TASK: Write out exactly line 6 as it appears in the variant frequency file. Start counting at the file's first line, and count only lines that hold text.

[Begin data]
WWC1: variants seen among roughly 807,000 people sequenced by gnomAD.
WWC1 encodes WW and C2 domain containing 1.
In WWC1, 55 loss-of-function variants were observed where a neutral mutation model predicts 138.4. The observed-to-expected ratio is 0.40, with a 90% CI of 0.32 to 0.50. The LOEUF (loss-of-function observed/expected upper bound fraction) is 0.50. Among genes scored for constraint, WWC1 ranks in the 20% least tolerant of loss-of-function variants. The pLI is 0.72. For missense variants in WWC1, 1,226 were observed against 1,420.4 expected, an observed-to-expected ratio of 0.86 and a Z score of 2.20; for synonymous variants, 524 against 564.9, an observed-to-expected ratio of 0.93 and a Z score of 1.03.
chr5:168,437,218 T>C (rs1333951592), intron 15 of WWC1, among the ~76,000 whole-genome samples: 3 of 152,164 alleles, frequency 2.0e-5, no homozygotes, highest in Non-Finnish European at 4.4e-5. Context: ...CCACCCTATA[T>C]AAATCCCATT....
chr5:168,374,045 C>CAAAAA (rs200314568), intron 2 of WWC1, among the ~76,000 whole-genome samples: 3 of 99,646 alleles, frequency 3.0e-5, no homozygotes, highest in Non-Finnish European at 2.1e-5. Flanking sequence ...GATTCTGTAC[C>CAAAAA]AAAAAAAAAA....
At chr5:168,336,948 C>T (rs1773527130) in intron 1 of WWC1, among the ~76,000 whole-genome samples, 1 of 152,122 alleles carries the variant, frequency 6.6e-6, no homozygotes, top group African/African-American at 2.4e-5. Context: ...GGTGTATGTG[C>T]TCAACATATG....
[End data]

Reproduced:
At chr5:168,336,948 C>T (rs1773527130) in intron 1 of WWC1, among the ~76,000 whole-genome samples, 1 of 152,122 alleles carries the variant, frequency 6.6e-6, no homozygotes, top group African/African-American at 2.4e-5. Context: ...GGTGTATGTG[C>T]TCAACATATG....